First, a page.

Before randomization, patients received a 7-day pre-phase treatment with oral prednisone (40 mg/m/day) and an intrathecal injection (Figure 1). At the end of this pre-phase, corticosteroid sensitivity (defined as <1×10/L peripheral blood blasts) was assessed. Patients diagnosed with Philadelphia chromosome-positive and/or BCR-ABL-positive ALL entered another specific study while Philadelphia chromosome-negative patients were randomized between CI-Dox over 96 h or Peg-Dox. The induction chemotherapy was derived from the VAD/CVAD program7,18 including CI-Dox 12 mg/m/day and CI vincristine 0.4 mg/day, both administered on days 1 to 4. Patients treated in the Peg-Dox arm received Caelyx (Schering-Plough Corporation, Kenilworth, NJ, USA), also known as Doxil (Ortho Biotech, Bridgewater, NJ, USA) (40 mg/m), infused over 1 hour on day 1. In these patients, 2 mg vincristine was infused over 5 min on day 1. All patients received oral dexamethasone (40 mg/day on days 1–4, 9–12, and 17–20). A second identical cycle with the addition of cyclophosphamide 1 g/m on day 1 was started on day 29, without bone marrow assessment and whatever the blood counts. Granulocyte colony-stimulating factor (lenograstim 150 μ/m) was administered daily as soon as the granulocyte count dropped below 0.5×10/L and until it reached 1×10/L for 3 consecutive days. The induction response was evaluated after hematologic recovery following the second cycle. Consolidation was based on four cycles of alternating chemotherapy given 4 weeks apart. Cycles 1 and 3 comprised 2 mg intravenous vincristine on days 1, 8, and 15 in both treatment arms while CI-Dox was given at a dose of 12 mg/m/day over 72 h and Peg-Dox at a dose of 30 mg/m over 1 hour on day 1. Cycles 2 and 4 consisted of cyclophosphamide, thioguanine, and cytarabine. Maintenance therapy included 6-mercaptopurine and methotrexate for 24 months. Allogeneic stem cell transplantation was not allowed in first complete remission. Central nervous system prophylaxis was based on six additional courses of triple intrathecal therapy during induction (n=2), the first consolidation cycle (n=3), and the second consolidation cycle (n=1), followed by cranial irradiation, performed over a 2-week period prior to the onset of maintenance therapy. During maintenance, 6-mercaptopurine was discontinued for a week if the white blood cell count was below 2×10/L, the neutrophil count below 1×10/L, and the platelet count below < 125×10/L; conversely, doses of 6-mercaptopurine and methotrexate were increased by 25% if the white blood cell count was above 3×10/L. Patients with overt central nervous system involvement were given biweekly triple intrathecal therapy until clearance of leukemic cells from the cerebrospinal fluid, followed by six course of triple intrathecal therapy and cranial irradiation. Central catheters were placed in all patients during the prednisone prephase. Prophylaxis against infections was left to the investigators’ choice.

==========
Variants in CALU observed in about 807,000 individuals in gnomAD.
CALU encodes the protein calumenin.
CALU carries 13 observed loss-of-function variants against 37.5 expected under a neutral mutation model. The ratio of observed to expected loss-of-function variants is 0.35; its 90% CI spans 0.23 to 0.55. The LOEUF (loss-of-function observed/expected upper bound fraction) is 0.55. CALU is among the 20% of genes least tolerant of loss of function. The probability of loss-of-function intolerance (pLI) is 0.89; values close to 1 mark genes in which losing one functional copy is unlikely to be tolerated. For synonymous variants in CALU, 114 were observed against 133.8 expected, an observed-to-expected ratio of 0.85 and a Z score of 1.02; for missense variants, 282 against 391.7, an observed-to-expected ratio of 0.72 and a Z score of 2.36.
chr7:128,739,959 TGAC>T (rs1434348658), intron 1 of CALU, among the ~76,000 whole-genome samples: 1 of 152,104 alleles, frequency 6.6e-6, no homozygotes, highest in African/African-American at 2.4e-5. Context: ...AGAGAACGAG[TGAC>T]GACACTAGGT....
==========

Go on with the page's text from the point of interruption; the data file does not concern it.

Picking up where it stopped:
The primary endpoint was designed as a composite efficacy/toxicity endpoint, including the rate of patients in continuous complete remission after day 140 to test for efficacy, and having received at least the first three consolidation cycles without delay in the schedule to test for toxicity. Secondary endpoints were complete remission rate, safety, cumulative incidence of relapse and failure, cumulative incidence of death in first complete remission and treatment-related death, event-free survival, and overall survival. Failure included refractoriness to induction therapy and relapses. Treatment-related deaths included induction deaths and toxic deaths in complete remission. Outcome data were updated at the date of April 1, 2009. The primary endpoint, complete remission rates and binary covariates were compared using Fisher’s exact test. Parametric data were compared using the Mann-Whitney and Fisher’s test for medians and means, respectively. Survival data except cumulative incidences were estimated by the Kaplan-Meier method,19 then compared by the log-rank test,20 with hazard ratios estimated by the Cox model.21 By contrast, when estimating cumulative incidences we took into account competing risks using cumulative incidence curves, then compared by Gray’s test, while the Fine and Gray model was used to estimate sub-distribution hazard ratios.22,23 The following covariates entered prognostic analysis: age (65-year cut-off), gender, Eastern Cooperative Oncology Group performance status (0/1 versus 2/3), fever at diagnosis, serum creatinine level (100 μmol/L cut-off), serum albumin level (35 g/L cut-off), white blood cell count (30×10/L cut-off), platelet count (100×10/L cut-off), ALL lineage (B-cell precursors [BCP] versus T-lineage), cytogenetics (poor versus standard risk), corticosteroid sensitivity, and randomization arm. Factors associated with a significant impact in univariate analysis were retained for multivariate logistic regression. The type 1 error was fixed at the 5% level. All tests were two-tailed. Statistical analyses were performed with the Stata 10.0 software package (Texas Union, TX, USA).
Thirty-one patients were randomized to receive CI-Dox and 29 patients to receive Peg-Dox (Table 1) (Consort Flowchart: Online Supplementary Figure S1). The median age of all the patients was 66 years (range, 55–80 years) and 17% of patients had a white blood cell count above 30×10/L. Two patients had central nervous system involvement at diagnosis. Fifty-one patients had BCP-ALL and seven patients had T-ALL. Cytogenetics results were available for 48 patients of whom 16 were classified as having a poor risk: four with t(4;11), one with t(1;19), four with near-triploidy, one with hypodiploidy (44 Chr), and six with complex karyotypes with five or more unrelated abnormalities. BCR-ABL molecular testing was negative in patients in whom cytogenetic analysis failed. The distribution of clinical and laboratory characteristics was comparable in both randomization groups (Table 1). However, patients in the Peg-Dox group more frequently had T-ALL (6/29 versus 1/31, P=0.05) and a trend for more frequent corticosteroid-resistant ALL (5/29 versus 1/31, P=0.1).